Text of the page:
Economists this week have suggested that we should be more like Europe in having a much shorter working week of around 20 hours. The Socialist Party (of which I am a member) demands just a 30 hour maximum working week as a transitional demand towards a socialist world. What reasons could there be for this? I am sure the obvious ones, such as people having more time and it freeing up the possibility to get some of the 1 million unemployed youth into work will be being discussed more openly in some of the press and on social networking sites and also in various left wing papers. These issues will have their place but is there a reason to consider this from a psychological perspective? Would it benefit society? How? Would mental health improve under these conditions? Would capitalism crumble under the pressure of people actually being happy in their work and home life?

The working week as it stands is one of the longest working weeks in Europe and the world. This has had implications that seemed obvious to post-industrial theorists and yet somehow hasn’t sunk in yet. This must have implications for society and as is suggested in the various articles, there would be financial benefits to having everyone working and therefore being able to significantly reduce the cost of the welfare state. That is another issue for far more capable analysts than I. What I am qualified (almost) to stand in judgement of, is the psychological implications and the therapeutic ones.

Unemployment and under-employment have huge implications for people’s mental health. People are happier when they are in work generally and often feel the gains of being employed in a very real way. It is a myth, that people who choose not to work and claim benefits (a FAR smaller number than the torygraph and the Daily Fail would have us believe), are happy and feel like they are enjoying life.  This is far from the case. Often people in these situations turn to alternatives to the gratification provided by having a happy life and a fulfilling job, with chemical means. Chemical means such as alcohol, nicotine or any other drug that affects the serotinergic pathways, which they all pretty much do in one way or another.

There are other implications linked with employment and general mental health wellbeing. Women are suggested to report depression far more often than men and one of the explanations (of many, some of which are discussed in another post and more will be after this) is that women continue to work in a domestic sense once they return home from work and without a break, this has a catastrophic effect on mental wellbeing. If young people do not work between 18 and 21 they are much less likely to work in later life and are more likely to develop a number of psychological pathologies. People who do not feel challenged or gratified in their jobs, also have a much higher report rate for mood disorders such as depression.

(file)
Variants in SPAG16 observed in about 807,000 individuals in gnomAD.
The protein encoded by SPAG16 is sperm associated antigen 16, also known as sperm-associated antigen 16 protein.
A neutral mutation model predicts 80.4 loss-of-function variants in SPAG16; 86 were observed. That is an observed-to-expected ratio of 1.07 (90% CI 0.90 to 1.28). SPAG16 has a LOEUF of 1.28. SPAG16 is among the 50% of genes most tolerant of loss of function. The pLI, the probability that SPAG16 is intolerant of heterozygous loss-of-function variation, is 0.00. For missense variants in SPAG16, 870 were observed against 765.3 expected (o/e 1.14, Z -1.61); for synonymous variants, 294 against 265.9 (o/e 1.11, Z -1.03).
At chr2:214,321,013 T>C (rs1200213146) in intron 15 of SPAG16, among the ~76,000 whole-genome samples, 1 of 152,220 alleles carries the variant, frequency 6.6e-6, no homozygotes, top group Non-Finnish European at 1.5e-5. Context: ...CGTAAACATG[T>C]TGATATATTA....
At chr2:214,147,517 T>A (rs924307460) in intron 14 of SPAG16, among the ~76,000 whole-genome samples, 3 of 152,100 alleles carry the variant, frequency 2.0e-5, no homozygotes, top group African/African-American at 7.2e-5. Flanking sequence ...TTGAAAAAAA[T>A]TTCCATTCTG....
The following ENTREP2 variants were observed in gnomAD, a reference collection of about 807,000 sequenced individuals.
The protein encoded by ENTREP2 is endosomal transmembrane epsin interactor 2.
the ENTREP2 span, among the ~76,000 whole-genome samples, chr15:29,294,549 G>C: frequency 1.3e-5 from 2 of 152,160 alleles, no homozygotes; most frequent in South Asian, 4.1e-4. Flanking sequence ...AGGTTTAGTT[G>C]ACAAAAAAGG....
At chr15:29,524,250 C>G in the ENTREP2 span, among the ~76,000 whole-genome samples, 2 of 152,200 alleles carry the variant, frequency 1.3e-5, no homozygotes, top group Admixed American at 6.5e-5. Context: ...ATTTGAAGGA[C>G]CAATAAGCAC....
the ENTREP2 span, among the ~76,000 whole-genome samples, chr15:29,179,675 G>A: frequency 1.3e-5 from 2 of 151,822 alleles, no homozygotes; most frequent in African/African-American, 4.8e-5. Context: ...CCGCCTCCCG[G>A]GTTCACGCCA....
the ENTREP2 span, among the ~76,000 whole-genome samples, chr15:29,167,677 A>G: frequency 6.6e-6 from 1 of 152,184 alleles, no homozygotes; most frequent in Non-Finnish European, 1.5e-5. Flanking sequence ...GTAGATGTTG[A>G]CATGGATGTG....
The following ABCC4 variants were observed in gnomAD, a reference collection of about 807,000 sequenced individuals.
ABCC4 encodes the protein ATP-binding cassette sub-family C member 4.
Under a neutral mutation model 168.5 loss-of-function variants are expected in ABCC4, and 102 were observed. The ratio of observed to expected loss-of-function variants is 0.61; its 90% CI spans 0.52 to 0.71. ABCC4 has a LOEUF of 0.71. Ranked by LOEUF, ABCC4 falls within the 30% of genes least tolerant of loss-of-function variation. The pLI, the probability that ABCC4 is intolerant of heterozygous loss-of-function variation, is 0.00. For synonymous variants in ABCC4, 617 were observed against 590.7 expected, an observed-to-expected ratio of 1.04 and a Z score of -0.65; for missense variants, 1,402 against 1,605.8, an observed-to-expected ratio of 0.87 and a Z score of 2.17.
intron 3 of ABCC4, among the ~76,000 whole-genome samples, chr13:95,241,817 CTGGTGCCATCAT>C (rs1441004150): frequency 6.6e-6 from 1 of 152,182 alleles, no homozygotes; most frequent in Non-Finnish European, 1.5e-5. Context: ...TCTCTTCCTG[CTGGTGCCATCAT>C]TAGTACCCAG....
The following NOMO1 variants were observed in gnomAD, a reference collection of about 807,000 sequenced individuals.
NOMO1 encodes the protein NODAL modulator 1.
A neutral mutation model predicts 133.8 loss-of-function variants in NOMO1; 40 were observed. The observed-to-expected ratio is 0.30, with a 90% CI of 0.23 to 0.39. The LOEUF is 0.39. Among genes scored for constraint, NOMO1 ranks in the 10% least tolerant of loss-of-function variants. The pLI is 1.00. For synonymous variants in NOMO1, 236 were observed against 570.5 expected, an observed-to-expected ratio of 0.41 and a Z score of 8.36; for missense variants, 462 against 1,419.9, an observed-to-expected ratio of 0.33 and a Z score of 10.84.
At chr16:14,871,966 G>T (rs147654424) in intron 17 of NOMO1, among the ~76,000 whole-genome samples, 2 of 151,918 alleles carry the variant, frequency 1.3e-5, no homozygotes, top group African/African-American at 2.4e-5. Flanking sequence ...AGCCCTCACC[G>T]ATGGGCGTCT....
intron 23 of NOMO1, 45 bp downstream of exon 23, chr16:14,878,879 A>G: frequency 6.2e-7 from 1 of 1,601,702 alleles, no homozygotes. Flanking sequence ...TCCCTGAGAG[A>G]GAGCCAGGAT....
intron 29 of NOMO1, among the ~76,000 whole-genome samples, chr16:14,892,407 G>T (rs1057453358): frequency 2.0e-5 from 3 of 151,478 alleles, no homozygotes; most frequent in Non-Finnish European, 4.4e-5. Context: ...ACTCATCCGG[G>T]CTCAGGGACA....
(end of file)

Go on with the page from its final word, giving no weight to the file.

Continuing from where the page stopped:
All of these things, as well as the financial implications play a part in pointing out that either a 20 or 30 hour working week would significantly improve not only the economy but peoples mental wellbeing generally as well. This would not just include people out of work currently achieving employment but also, people currently in work would be less likely to suffer stress related illness including heart attack and other mental health conditions.

This is all fairly obvious but I feel there is reason to discuss this in a real sense. There are clear alternatives to each of these things but purely from a mental health point of view, there is very little reason to have such a massive number of people suffering with mental health conditions and therefore unable to work. The estimated cost to the British economy alone for depression is £11bn a year, including loss of earnings due to suicide and time off work with mood disorders and prescription of anti-depressant drugs on the NHS. While this would certainly not be completely removed by the implementation of a 20 or 30 hour working week, it would reduce this amount significantly. So, benefits there for all to appreciate.

Since Thatcher’s Britain there has been a lost generation of people who have found access to work very difficult. For a better explanation than I can give of capitalism’s need for a surplus workforce see Liam Byrne, welfare and capitalism.

There is reason to believe we are facing another generation, at least, of loss but this will be an international one. This is going to ensure that recovery takes at least another generation beyond this one as it takes far longer to treat someone with depression than it would to prevent the circumstances resulting in depression. All it would take realistically is a fair chance for everyone to work on a decent wage and a decent standard of living to be provided for those incapable of work. Simple really and if they would implement this and other suggestions, we would be well on our way to a happier, more fulfilled society.

Following this post, I will be proposing a Marxist model of consciousness that will have a greater implication for discussion and mental health relating to work and life stress management but that is for another time. Feel free to comment below, I look forward to any comments.